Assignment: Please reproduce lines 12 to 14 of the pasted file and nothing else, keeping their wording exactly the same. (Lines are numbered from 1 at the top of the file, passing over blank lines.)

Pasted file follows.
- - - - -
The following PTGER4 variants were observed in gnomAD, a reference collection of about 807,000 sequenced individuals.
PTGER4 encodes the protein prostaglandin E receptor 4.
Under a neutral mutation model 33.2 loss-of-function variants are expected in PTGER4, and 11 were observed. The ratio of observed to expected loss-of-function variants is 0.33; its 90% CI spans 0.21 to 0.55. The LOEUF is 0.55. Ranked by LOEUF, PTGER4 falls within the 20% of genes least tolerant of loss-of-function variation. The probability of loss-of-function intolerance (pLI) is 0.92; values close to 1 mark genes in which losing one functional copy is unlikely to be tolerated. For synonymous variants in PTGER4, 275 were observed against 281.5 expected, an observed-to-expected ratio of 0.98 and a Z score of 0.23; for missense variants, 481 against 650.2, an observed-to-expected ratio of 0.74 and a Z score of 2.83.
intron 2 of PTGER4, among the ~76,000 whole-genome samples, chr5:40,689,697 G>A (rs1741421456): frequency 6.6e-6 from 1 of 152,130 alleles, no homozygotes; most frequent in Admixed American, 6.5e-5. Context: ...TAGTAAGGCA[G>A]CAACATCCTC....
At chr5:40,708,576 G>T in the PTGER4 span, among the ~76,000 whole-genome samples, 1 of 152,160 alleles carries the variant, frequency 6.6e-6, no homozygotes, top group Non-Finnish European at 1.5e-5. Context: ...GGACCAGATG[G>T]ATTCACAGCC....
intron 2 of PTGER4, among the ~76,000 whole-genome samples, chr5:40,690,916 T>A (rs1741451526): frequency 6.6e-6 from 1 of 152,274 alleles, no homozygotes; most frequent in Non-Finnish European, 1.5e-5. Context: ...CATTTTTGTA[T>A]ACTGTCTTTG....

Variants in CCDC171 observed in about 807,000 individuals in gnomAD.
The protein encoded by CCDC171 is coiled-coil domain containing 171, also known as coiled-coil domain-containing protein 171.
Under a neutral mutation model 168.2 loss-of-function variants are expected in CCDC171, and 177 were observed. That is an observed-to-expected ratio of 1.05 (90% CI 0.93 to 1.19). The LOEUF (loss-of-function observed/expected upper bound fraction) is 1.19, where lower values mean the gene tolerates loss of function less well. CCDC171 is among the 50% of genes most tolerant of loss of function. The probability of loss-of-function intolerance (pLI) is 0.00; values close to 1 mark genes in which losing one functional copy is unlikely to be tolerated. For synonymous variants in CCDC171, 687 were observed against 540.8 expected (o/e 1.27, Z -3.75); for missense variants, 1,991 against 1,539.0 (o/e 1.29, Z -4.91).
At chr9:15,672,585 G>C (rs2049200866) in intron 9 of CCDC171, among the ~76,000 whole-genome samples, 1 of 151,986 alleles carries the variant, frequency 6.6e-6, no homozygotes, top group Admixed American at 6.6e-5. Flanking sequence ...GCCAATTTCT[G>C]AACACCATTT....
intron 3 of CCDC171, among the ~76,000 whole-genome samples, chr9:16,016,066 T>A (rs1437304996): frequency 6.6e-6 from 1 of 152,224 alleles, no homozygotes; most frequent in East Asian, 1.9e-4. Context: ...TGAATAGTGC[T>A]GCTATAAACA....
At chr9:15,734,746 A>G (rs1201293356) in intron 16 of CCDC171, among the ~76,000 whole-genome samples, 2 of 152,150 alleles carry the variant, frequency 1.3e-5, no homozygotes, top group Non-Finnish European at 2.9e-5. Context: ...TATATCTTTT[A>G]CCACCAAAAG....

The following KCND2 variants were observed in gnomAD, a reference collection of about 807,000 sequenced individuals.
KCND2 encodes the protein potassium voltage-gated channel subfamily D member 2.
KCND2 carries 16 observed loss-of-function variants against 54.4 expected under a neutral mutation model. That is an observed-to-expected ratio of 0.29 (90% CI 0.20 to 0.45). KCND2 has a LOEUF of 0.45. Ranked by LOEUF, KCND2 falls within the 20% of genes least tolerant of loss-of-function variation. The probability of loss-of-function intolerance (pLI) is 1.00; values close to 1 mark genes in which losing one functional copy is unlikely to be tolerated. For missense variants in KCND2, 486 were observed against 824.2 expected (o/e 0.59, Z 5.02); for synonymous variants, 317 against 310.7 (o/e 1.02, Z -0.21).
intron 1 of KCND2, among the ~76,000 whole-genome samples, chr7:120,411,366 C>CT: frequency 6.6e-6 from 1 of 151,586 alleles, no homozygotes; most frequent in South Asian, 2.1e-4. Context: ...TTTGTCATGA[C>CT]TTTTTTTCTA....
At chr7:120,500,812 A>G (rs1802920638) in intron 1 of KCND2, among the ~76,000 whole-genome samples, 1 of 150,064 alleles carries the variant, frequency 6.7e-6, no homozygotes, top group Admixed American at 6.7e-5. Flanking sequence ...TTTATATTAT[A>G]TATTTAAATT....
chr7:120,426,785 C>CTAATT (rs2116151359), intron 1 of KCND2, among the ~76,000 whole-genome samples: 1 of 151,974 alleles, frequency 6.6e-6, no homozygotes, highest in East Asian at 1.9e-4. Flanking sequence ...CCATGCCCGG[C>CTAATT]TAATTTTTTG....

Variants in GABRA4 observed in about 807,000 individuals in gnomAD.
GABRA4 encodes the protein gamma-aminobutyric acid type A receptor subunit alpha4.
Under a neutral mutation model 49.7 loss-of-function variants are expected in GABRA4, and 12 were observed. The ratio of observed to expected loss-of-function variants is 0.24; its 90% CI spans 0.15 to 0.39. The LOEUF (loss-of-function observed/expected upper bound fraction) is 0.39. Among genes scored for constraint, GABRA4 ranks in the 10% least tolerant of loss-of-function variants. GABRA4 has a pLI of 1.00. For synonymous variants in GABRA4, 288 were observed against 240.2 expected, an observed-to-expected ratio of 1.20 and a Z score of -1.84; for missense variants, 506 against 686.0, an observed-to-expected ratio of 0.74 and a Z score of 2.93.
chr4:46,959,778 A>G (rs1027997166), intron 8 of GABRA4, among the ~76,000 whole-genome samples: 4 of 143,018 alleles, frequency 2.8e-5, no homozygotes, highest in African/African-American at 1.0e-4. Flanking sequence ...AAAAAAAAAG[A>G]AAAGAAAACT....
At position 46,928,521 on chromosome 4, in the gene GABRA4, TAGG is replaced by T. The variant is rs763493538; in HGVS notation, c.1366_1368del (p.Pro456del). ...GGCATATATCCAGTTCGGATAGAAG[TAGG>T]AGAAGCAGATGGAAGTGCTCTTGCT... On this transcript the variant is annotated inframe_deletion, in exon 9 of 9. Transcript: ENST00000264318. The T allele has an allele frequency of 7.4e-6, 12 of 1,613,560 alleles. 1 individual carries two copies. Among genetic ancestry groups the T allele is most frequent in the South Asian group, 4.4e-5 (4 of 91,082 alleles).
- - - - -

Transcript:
At chr9:15,734,746 A>G (rs1201293356) in intron 16 of CCDC171, among the ~76,000 whole-genome samples, 2 of 152,150 alleles carry the variant, frequency 1.3e-5, no homozygotes, top group Non-Finnish European at 2.9e-5. Context: ...TATATCTTTT[A>G]CCACCAAAAG....

The following KCND2 variants were observed in gnomAD, a reference collection of about 807,000 sequenced individuals.
KCND2 encodes the protein potassium voltage-gated channel subfamily D member 2.